the Grattan Institute, Labor's obstinacy could cost young workers at least $400
million per year.
Coalition Senators commend the Government for its determination to
eliminate opt-out insurance for people under-25 or those with balances below
$6,000, in spite of the steadfast opposition from the ALP and the Australian
Greens. These measures are addressed in Treasury Laws Amendment (Putting
Members' Interests First) Bill 2019, which was introduced into the house on 20
In the same vein, Coalition Senators wish to highlight the ALP's
opposition to the Cashless Debit Card, a measure that is designed to protect
vulnerable Australians and those around them.
Welfare quarantining measures have, until late last year, enjoyed
bi-partisan support. The ALP had previously supported the rollout of the Income
Management program and initial trial sites of the Cashless Debit Card. They
also initiated their own expansions of the Income Management program into new
sites, including Bankstown, Rockhampton, Logan, Shepparton, Playford, the APY
lands and the Ngaanyatjarra (NG) Lands. By opposing this policy now, they are
attempting to claw back the
inner-city "green left" vote at the expense of vulnerable people and
communities that have already seen the benefits of this program.
Coalition Senators are disappointed by the prevaricating by the Leader
of the Opposition and the Social Services Shadow Minister who have given mixed
messages about the future of this important policy. They are shamelessly
playing politics with people's lives.
While this inquiry was established in the noble name of consumer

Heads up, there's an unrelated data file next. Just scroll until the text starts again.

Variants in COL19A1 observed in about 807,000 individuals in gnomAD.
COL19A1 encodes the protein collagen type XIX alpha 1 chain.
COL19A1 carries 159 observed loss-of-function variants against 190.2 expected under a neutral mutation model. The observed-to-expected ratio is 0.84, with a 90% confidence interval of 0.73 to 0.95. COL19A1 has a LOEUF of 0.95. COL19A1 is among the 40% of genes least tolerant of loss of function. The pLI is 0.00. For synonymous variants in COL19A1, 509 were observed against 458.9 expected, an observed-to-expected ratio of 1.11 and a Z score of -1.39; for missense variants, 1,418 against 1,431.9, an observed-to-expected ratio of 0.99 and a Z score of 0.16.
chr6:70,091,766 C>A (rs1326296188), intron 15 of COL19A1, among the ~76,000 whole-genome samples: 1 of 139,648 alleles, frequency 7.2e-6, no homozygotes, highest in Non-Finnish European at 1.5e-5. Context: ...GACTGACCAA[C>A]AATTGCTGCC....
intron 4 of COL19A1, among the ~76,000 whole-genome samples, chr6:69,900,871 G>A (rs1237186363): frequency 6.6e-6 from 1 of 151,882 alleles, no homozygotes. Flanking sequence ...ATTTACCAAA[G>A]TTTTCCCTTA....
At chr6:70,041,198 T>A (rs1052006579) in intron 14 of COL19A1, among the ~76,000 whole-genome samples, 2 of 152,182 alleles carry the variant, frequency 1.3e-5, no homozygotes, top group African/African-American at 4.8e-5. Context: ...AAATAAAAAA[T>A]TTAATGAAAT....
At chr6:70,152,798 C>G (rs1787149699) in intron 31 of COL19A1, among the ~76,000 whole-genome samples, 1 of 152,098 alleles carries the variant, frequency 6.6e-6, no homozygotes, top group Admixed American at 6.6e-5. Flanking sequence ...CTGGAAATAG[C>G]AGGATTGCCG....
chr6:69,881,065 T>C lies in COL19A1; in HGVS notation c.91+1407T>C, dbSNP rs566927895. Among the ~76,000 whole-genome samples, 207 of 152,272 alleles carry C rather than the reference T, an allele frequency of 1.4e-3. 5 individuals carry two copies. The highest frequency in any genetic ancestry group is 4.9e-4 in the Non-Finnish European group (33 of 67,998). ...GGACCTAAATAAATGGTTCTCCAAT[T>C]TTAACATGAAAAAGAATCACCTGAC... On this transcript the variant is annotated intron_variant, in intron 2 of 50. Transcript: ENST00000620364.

protection, it is clear that those who instigated it have a well-documented
history of opposing much more important reforms that protect many more members
of the Australian community.
Royal Commission into Misconduct in the Banking, Superannuation and
Financial Services Industry
Coalition Senators wish to draw attention to the Australian Labor
Party's lacklustre response to the Royal Commission into Misconduct in the
Banking, Superannuation and Financial Services Industry ('the Royal
The Royal Commission's final report was handed to the Governor-General
Peter Cosgrove by Commissioner Kenneth Hayne on 1 February 2019. The Government
issued a response to all 76 recommendations in the final report on
4 February 2019, the same day that the report was made public.
After taking 15 days to come up with a response to the Royal
Commission's findings, the ALP trotted out 3 measly pieces of legislation that
addressed a mere
5 recommendations in the report. This "response" is an utter
embarrassment, and fails to dignify a Royal Commission that conducted 7 rounds
of public hearings over no fewer than 68 days, called more than 130 witnesses,
reviewed over 10,000 public submissions, and cost an estimated $75 million.
The ALP's proclivity for wasting taxpayer time and money is not merely
limited to the manifestly inadequate response to the Royal Commission. The ALP
has wasted taxpayers' time and significant sums of their money with the conduct
of this inquiry, which has not produced a single substantive finding or
1.29 Coalition Senators note that, by contrast, the current
Coalition Government is adding to its already strong record on financial services
reform. When the Royal Commission handed down its final report, its
recommendations supported multiple pieces of legislation already introduced by
this Government. Legislation that was before the Senate has now been passed as
a result of support from the Royal Commission's recommendations. This is hard
evidence that this Coalition Government was taking the necessary steps to
reform the financial services industry.
Senator Jane Hume
Navigation: Previous Page | Contents | Next Page